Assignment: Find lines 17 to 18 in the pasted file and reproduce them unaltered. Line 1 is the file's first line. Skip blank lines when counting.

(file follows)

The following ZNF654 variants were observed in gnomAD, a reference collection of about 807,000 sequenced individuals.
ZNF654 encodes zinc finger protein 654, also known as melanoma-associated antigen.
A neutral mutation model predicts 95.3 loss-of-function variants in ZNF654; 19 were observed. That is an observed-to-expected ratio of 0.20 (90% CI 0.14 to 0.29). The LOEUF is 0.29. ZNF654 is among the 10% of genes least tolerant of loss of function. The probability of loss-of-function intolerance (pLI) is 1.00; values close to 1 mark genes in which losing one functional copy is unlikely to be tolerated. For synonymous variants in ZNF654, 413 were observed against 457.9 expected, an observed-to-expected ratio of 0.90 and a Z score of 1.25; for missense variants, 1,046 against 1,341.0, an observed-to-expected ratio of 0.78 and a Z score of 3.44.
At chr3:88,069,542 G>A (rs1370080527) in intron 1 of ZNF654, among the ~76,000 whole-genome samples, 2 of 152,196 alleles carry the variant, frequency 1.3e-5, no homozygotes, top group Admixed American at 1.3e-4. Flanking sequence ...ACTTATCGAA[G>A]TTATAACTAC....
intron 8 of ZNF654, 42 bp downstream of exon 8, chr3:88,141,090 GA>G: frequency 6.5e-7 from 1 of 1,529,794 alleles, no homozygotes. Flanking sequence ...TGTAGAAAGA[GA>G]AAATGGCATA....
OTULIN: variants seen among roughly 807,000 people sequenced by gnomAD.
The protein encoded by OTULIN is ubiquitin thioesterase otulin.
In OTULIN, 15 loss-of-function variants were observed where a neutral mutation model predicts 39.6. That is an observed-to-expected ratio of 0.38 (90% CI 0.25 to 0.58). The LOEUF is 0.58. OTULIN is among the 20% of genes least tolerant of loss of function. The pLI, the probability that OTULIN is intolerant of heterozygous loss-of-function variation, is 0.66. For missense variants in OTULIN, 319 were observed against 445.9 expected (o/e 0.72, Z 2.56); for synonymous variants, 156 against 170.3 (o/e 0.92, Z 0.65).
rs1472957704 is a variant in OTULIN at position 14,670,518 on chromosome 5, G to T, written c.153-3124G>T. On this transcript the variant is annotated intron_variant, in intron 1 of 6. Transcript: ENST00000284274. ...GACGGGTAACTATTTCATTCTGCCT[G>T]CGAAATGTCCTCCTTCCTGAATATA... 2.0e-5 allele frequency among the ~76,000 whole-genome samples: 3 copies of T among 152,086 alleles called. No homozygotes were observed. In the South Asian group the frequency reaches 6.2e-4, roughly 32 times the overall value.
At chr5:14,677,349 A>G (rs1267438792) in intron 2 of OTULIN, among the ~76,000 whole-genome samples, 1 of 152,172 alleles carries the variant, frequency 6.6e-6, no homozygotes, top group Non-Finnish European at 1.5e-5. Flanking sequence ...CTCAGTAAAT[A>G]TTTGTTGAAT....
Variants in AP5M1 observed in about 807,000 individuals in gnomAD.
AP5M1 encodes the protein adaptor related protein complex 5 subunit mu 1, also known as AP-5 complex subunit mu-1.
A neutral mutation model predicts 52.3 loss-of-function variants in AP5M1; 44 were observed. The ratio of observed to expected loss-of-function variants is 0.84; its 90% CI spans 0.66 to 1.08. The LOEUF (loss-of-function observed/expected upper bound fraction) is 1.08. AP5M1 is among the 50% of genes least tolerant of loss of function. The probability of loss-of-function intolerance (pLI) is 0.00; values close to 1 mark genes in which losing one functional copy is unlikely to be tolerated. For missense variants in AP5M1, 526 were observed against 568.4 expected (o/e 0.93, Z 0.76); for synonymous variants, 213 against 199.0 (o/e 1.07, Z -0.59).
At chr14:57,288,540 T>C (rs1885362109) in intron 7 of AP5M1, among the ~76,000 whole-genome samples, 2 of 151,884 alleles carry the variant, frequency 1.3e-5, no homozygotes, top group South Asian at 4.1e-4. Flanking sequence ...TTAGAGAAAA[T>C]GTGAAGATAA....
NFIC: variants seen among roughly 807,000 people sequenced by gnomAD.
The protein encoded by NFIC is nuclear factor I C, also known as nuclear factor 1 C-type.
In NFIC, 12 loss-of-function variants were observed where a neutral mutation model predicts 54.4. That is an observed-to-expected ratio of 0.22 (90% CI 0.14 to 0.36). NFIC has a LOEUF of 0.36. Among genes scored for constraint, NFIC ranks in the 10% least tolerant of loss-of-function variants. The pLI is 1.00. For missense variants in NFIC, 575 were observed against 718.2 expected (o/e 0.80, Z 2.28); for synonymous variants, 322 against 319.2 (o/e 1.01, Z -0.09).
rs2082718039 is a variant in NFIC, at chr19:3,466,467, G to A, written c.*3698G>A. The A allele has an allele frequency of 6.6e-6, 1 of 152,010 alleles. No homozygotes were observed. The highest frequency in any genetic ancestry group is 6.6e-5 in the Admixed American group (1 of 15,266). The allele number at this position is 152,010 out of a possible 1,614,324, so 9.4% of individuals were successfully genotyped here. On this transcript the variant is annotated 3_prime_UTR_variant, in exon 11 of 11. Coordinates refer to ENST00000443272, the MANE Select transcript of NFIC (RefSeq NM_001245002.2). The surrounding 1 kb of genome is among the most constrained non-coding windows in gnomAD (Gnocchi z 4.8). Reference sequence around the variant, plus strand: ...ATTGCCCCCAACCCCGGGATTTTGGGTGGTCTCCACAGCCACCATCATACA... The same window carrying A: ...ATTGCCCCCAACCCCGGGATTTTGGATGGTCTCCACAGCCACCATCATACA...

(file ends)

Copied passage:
In NFIC, 12 loss-of-function variants were observed where a neutral mutation model predicts 54.4. That is an observed-to-expected ratio of 0.22 (90% CI 0.14 to 0.36). NFIC has a LOEUF of 0.36. Among genes scored for constraint, NFIC ranks in the 10% least tolerant of loss-of-function variants. The pLI is 1.00. For missense variants in NFIC, 575 were observed against 718.2 expected (o/e 0.80, Z 2.28); for synonymous variants, 322 against 319.2 (o/e 1.01, Z -0.09).
rs2082718039 is a variant in NFIC, at chr19:3,466,467, G to A, written c.*3698G>A. The A allele has an allele frequency of 6.6e-6, 1 of 152,010 alleles. No homozygotes were observed. The highest frequency in any genetic ancestry group is 6.6e-5 in the Admixed American group (1 of 15,266). The allele number at this position is 152,010 out of a possible 1,614,324, so 9.4% of individuals were successfully genotyped here. On this transcript the variant is annotated 3_prime_UTR_variant, in exon 11 of 11. Coordinates refer to ENST00000443272, the MANE Select transcript of NFIC (RefSeq NM_001245002.2). The surrounding 1 kb of genome is among the most constrained non-coding windows in gnomAD (Gnocchi z 4.8). Reference sequence around the variant, plus strand: ...ATTGCCCCCAACCCCGGGATTTTGGGTGGTCTCCACAGCCACCATCATACA... The same window carrying A: ...ATTGCCCCCAACCCCGGGATTTTGGATGGTCTCCACAGCCACCATCATACA...